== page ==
Scientists discover water ice on moon's surface. Here's why that's big news.
For the first time, scientists have found what they say is definitive evidence of water ice on the lunar surface. The discovery suggests that future expeditions to the moon might have a readily available source of water "to explore and even stay on the moon," officials at NASA's Jet Propulsion Laboratory said in a statement Tuesday about the discovery.
The ice was detected at the darkest, coldest regions of the moon's north and south poles. It exists in sparse patches in the north and is concentrated in permanently shadowed craters in the south, where temperatures never climb above minus 250 degrees Fahrenheit.
The discovery, described in a paper published Aug. 20 in the journal Proceedings of the National Academy of Sciences, was made by a team of scientists led by Shuai Li, a researcher at the University of Hawaii's Institute of Geophysics and Planetology.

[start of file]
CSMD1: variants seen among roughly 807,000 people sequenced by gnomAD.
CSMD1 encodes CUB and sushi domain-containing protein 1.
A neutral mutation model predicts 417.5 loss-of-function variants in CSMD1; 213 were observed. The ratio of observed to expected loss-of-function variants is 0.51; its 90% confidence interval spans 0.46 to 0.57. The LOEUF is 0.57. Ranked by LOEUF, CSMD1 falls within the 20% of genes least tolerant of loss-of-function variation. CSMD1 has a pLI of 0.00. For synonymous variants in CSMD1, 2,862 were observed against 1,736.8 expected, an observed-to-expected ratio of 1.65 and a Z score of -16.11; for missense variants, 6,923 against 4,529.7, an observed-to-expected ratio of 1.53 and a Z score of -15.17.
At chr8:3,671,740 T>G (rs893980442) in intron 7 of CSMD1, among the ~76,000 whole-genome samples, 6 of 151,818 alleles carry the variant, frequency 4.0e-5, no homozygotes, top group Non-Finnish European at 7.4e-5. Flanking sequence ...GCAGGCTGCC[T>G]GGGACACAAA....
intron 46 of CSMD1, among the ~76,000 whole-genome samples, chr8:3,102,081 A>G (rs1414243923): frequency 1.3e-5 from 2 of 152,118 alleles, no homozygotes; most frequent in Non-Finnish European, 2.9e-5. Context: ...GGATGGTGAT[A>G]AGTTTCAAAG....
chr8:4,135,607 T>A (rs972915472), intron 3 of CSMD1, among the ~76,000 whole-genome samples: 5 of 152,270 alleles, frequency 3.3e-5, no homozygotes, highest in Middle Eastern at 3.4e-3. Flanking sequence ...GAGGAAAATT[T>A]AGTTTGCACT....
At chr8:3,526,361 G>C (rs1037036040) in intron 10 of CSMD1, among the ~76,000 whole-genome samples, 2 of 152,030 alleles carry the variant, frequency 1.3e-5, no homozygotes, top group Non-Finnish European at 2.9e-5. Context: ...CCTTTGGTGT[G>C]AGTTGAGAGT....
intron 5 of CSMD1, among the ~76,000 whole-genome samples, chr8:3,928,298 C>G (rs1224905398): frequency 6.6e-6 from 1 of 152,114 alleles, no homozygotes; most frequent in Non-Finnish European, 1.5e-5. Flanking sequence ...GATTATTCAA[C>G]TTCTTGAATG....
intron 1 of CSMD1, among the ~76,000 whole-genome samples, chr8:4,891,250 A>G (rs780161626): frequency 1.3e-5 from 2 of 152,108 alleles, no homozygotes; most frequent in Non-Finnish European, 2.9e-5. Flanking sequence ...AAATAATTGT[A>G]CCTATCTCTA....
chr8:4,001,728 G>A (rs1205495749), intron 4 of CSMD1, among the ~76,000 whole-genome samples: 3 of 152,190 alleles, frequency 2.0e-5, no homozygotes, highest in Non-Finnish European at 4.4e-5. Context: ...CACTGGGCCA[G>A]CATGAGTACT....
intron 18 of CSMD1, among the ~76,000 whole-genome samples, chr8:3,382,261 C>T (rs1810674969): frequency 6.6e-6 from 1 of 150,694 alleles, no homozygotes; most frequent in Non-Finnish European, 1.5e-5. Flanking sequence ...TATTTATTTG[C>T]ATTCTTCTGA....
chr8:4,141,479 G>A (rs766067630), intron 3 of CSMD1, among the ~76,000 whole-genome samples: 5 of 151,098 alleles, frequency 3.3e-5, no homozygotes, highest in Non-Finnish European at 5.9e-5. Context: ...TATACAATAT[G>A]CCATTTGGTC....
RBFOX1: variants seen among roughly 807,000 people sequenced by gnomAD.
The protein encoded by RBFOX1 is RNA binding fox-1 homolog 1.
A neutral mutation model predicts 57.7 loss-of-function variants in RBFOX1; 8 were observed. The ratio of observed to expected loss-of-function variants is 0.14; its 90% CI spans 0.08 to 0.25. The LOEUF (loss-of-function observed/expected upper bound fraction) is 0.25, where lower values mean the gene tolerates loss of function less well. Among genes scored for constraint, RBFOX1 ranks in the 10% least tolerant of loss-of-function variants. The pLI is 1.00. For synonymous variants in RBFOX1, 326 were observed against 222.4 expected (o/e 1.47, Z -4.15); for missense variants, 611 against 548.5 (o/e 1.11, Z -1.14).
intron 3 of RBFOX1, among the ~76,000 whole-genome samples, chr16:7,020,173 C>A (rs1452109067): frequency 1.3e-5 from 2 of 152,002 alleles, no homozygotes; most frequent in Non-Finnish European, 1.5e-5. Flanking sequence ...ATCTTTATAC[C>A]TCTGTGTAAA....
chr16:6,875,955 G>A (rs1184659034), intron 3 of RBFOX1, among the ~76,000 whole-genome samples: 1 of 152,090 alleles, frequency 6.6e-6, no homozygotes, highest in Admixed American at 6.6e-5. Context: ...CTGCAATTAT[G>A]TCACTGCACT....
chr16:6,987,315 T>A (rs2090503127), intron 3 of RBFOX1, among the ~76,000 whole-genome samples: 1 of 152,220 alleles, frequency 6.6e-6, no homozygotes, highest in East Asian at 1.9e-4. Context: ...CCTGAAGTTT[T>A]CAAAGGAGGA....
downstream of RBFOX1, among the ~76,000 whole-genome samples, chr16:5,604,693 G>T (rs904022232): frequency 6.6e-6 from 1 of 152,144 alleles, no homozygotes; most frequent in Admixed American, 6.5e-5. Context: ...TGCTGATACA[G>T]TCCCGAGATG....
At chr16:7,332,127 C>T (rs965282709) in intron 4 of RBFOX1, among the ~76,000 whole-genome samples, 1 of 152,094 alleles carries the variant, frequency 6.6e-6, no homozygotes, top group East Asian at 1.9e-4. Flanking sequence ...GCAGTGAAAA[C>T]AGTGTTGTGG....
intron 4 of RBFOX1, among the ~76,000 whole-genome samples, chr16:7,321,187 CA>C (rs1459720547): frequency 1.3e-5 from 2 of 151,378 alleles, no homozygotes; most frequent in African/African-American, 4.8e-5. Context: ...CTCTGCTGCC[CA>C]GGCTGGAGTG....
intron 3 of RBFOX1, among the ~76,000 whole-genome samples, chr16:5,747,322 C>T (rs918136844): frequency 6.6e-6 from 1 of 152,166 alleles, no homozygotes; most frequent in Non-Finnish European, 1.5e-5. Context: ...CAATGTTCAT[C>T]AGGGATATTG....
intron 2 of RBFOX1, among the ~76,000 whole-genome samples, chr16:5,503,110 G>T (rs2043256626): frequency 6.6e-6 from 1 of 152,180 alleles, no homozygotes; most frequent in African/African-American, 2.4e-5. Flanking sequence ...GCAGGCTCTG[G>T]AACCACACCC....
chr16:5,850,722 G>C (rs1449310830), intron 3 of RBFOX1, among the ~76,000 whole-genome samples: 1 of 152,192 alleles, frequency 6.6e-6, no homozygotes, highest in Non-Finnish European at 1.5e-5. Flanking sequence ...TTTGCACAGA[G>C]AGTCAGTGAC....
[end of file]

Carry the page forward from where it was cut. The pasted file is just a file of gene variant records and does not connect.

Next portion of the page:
The team analyzed data obtained by NASA's Moon Mineralogy Mapper (M3) instrument aboard Chandrayaan-1, an Indian spacecraft that explored the moon in 2008 and 2009. The data showed three chemical "signatures" that proved the presence of water ice, as opposed to liquid water or water vapor.
“The results seem very convincing to me,” Ian Crawford, a professor of planetary science and astrobiology at Birkbeck, University of London, told Scientific American. Crawford was not involved in the research.
Previous research had shown the existence of water deep beneath the lunar surface. There was also tentative evidence of water ice on the surface at the lunar south pole, but no proof until now.